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Volcanoe Photography Tips

In this extract Joseph Meehan and Gary Eastwood share their tips on photographing volcanoes.

| Specialist Photographic Subjects
Volcanoe Photography Tips: Photographing The ElementsThis technique is an extract from the Fire chapter of Photographing the Elements by Joseph Meehan and Gary Eastwood, courtesy of Ilex Press.


Volcanoes are one of the most beautiful and destructive forces of nature, and have shaped the face of the planet on which we live since the birth of time. Whether spewing red-hot magma thousands of feet into the air, belching smoke into the atmosphere, dripping hissing lava trails into the sea, or even laying dormant and fertile, volcanoes and volcanic eruptions offer some of the most stunning photographic potential of all of nature’s events, whether from far away or up close.

A volcano represents a fissure or weak spot in the Earth’s rocky crust. This fissure allows the escape of molten rock, known as magma, as well as other materials and toxic gases, which can be ejected high into the atmosphere or flow down the side of the volcano, depending on the ferocity and type of eruption.

Volcanoe Photography Tips: The Pacific Ring of Fire
The Pacific Ring of Fire, Image © Photographing the Elements, Ilex

There are three different types of volcano: Active volcanoes erupt continuously; dormant volcanoes lie inactive for centuries but erupt abruptly; and extinct volcanoes are considered not likely to erupt. There are also different types of eruption, often named after the region in which they characteristically occur. Hawaiian eruptions, for example, are characterized by effusive eruptions of very fluid lava, while Strombolian eruptions (named after the Italian volcano Stromboli) are driven by bursting gas bubbles within the magma (see page 91 for a full explanation of eruption types).

More broadly, volcanic eruptions can be split into two types: red and gray. As one might imagine, red eruptions are characterized by the presence of lava (the term used for magma once it has reached the surface), while gray eruptions contain ash, dust, rock, and other non-magmatic material. Each can
be equally explosive, photography-wise, but the beauty and elemental nature of red eruptions hold special appeal.

Volcanoe Photography Tips: Eruptions in the Night
Image © Photographing the Elements, Ilex

Eruptions in the night:

Not only does the dark blue of a night sky effectively complement the vivid reds and oranges of eruptions, it also ensures sufficient low-light conditions to allow the use of long shutter speeds. These can then be used to paint the eruptions in graceful arcs and sizzling lines shooting forth from the tops of the volcano appearing rather like fireworks.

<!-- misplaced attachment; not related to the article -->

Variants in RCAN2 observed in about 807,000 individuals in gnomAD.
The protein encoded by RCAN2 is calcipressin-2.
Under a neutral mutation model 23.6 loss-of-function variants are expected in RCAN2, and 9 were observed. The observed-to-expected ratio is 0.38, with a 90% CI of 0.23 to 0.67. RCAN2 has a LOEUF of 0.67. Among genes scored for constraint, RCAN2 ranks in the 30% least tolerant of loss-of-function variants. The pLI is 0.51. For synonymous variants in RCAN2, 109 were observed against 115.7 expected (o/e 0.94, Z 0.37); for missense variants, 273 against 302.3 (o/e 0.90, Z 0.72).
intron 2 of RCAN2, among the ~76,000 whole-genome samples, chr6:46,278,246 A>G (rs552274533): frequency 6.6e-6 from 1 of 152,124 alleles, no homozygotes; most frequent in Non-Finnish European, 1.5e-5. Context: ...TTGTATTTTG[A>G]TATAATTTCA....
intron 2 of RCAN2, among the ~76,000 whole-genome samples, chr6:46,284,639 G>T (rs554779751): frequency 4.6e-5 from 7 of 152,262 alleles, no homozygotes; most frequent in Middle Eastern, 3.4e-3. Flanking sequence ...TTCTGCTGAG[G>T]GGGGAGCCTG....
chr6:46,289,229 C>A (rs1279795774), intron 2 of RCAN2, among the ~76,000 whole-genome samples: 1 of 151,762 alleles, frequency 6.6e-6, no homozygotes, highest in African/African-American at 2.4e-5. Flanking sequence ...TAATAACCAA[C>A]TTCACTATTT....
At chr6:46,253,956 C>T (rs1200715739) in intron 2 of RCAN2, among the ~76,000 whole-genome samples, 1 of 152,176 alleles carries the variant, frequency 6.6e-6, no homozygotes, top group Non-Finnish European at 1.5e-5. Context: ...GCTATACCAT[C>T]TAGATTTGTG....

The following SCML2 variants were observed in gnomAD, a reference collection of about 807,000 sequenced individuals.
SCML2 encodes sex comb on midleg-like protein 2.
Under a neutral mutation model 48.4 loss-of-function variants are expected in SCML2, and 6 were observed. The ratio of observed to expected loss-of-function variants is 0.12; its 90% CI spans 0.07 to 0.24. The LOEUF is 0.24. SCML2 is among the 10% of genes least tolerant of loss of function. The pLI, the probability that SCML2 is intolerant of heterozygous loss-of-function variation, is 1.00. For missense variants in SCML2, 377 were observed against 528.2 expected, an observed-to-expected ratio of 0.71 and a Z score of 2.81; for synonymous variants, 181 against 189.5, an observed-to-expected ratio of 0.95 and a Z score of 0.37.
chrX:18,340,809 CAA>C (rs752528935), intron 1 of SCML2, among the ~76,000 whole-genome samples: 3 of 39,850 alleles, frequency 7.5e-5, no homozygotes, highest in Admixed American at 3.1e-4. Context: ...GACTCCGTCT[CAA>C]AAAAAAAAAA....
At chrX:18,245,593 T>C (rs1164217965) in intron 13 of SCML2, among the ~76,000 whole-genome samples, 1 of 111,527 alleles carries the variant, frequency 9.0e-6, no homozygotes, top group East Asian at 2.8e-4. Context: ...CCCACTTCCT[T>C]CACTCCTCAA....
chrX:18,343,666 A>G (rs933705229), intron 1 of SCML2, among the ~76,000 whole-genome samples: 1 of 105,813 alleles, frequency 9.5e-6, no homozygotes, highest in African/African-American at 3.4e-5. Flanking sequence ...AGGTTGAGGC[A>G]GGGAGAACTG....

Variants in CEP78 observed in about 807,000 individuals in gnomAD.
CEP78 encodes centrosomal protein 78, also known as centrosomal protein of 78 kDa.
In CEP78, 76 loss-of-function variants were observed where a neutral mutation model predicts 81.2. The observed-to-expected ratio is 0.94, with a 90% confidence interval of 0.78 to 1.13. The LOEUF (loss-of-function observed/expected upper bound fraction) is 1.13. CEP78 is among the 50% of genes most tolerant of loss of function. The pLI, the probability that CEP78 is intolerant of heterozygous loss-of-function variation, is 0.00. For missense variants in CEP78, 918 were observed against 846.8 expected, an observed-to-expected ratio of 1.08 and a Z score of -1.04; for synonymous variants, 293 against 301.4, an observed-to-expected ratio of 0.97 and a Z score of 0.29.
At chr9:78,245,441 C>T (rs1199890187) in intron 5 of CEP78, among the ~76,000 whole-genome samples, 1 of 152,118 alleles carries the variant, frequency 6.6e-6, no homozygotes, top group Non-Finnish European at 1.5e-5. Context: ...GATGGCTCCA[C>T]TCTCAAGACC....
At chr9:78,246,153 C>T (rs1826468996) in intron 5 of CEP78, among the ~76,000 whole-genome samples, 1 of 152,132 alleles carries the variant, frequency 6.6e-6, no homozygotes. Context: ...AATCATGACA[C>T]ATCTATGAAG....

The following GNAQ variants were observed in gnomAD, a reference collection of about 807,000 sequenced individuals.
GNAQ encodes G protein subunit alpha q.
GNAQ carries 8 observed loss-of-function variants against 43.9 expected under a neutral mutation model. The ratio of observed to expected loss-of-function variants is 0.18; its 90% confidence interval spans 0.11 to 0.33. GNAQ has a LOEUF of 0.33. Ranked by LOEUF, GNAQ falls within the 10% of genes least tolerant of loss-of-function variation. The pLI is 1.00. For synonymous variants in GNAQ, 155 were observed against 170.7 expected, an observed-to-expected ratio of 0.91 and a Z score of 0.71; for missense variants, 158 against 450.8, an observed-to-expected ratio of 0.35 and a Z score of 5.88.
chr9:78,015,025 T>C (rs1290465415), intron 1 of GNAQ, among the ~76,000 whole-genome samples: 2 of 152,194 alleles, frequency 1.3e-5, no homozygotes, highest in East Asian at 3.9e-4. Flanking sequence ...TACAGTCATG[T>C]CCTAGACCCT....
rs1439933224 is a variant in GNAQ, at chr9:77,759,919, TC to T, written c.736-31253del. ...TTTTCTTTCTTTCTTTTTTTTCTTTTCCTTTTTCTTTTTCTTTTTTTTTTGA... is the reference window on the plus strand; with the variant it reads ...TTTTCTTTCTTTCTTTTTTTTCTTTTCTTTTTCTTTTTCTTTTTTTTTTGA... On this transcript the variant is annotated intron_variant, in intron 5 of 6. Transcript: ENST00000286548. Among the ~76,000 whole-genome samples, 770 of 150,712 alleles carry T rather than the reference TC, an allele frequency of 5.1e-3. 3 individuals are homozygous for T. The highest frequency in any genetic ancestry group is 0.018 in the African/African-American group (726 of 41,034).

The type and intensity of eruption will of course affect the final photographic effect, however, it is essential from the outset to point out that photographing volcanoes is extremely dangerous and can be potentially life-threatening. Intra-crater earthquakes, molten projectiles, explosions, unstable ground, and extreme temperatures are just some of the threats.

A more insidious threat is the silent menace of toxic gases that belch out from around even the most benign eruptions. Volcanic gases include sulphur dioxide, hydrogen sulphide, methane, carbon dioxide and carbon monoxide, while other materials found in the vicinity are likely to include silica dust (harmful to lung tissue) and arsenic. Thus, thorough research is essential before approaching a volcanic area.

As a result, close-up volcano photography is only possible in a few regions of the world, with most photography likely to be limited to distant landscapes. The trick is to make the most of the opportunity presented—volcano photography is still a rare event for most, and any shot will be of some value.

Volcanoe Photography Tips: Telephoto Safety
Image © Photographing the Elements, Ilex 

Telephoto lenses for safety:

While telephoto perspective will likely be the only method of capturing eruptions—particularly the most powerful ones—resist the urge to zoom in too close. Scout out a location that offers some other
environmental elements for framing and context, which will make your image take on a more balanced and grounded quality.
Before making any trip, it is essential to perform copious research and to liaise with local organizations and professional bodies about the unique dangers of each individual eruption or region. Be aware that access to the region may even be refused. If the visit does go ahead, working with a local guide or regional expert, or joining up with an experienced photographer, is strongly recommended. Not only is this likely to keep the photographer safe, it is also much more likely to yield better results through the
benefit of local knowledge and expertise.

Presuming that all safety concerns have been met, the type of images that can be achieved from volcano photography will depend heavily on the type of eruption, its ferocity, the region in which it is occurring, and other local and unique factors. To a certain extent, it is simply a case of being prepared for numerous outcomes.

This technique is an extract from the Fire chapter of Photographing the Elements by Joseph Meehan and Gary Eastwood, courtesy of Ilex Press.
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